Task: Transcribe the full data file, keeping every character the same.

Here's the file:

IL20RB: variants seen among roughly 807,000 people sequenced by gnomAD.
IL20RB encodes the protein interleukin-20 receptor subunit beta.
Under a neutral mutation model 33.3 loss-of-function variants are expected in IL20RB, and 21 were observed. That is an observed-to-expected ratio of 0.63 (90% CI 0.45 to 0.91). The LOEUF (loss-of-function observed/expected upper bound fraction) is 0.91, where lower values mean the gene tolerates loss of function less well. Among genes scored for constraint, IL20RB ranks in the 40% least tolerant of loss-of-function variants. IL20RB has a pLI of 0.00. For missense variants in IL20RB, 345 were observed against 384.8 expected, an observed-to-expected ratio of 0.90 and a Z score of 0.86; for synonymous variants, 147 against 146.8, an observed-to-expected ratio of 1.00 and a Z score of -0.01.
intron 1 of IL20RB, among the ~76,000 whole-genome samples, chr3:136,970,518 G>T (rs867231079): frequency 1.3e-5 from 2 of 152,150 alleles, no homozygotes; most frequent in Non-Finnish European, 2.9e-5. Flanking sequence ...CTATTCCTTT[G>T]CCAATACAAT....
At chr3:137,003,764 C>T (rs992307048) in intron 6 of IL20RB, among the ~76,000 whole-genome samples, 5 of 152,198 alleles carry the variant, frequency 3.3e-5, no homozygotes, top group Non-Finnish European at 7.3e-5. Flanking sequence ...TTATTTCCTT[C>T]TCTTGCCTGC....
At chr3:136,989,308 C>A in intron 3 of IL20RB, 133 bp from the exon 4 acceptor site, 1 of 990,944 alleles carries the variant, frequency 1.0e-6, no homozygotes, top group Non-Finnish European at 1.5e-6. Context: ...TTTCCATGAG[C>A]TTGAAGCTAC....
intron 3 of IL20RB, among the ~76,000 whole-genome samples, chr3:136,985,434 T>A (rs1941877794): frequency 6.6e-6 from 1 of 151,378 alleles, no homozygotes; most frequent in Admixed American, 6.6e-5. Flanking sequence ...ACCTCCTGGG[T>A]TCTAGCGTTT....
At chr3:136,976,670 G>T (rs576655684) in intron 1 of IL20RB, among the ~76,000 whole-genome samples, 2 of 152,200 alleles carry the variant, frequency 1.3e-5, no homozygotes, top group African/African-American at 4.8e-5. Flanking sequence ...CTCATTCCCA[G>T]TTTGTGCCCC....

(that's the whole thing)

IL20RB: variants seen among roughly 807,000 people sequenced by gnomAD.
IL20RB encodes the protein interleukin-20 receptor subunit beta.
Under a neutral mutation model 33.3 loss-of-function variants are expected in IL20RB, and 21 were observed. That is an observed-to-expected ratio of 0.63 (90% CI 0.45 to 0.91). The LOEUF (loss-of-function observed/expected upper bound fraction) is 0.91, where lower values mean the gene tolerates loss of function less well. Among genes scored for constraint, IL20RB ranks in the 40% least tolerant of loss-of-function variants. IL20RB has a pLI of 0.00. For missense variants in IL20RB, 345 were observed against 384.8 expected, an observed-to-expected ratio of 0.90 and a Z score of 0.86; for synonymous variants, 147 against 146.8, an observed-to-expected ratio of 1.00 and a Z score of -0.01.
intron 1 of IL20RB, among the ~76,000 whole-genome samples, chr3:136,970,518 G>T (rs867231079): frequency 1.3e-5 from 2 of 152,150 alleles, no homozygotes; most frequent in Non-Finnish European, 2.9e-5. Flanking sequence ...CTATTCCTTT[G>T]CCAATACAAT....
At chr3:137,003,764 C>T (rs992307048) in intron 6 of IL20RB, among the ~76,000 whole-genome samples, 5 of 152,198 alleles carry the variant, frequency 3.3e-5, no homozygotes, top group Non-Finnish European at 7.3e-5. Flanking sequence ...TTATTTCCTT[C>T]TCTTGCCTGC....
At chr3:136,989,308 C>A in intron 3 of IL20RB, 133 bp from the exon 4 acceptor site, 1 of 990,944 alleles carries the variant, frequency 1.0e-6, no homozygotes, top group Non-Finnish European at 1.5e-6. Context: ...TTTCCATGAG[C>A]TTGAAGCTAC....
intron 3 of IL20RB, among the ~76,000 whole-genome samples, chr3:136,985,434 T>A (rs1941877794): frequency 6.6e-6 from 1 of 151,378 alleles, no homozygotes; most frequent in Admixed American, 6.6e-5. Flanking sequence ...ACCTCCTGGG[T>A]TCTAGCGTTT....
At chr3:136,976,670 G>T (rs576655684) in intron 1 of IL20RB, among the ~76,000 whole-genome samples, 2 of 152,200 alleles carry the variant, frequency 1.3e-5, no homozygotes, top group African/African-American at 4.8e-5. Flanking sequence ...CTCATTCCCA[G>T]TTTGTGCCCC....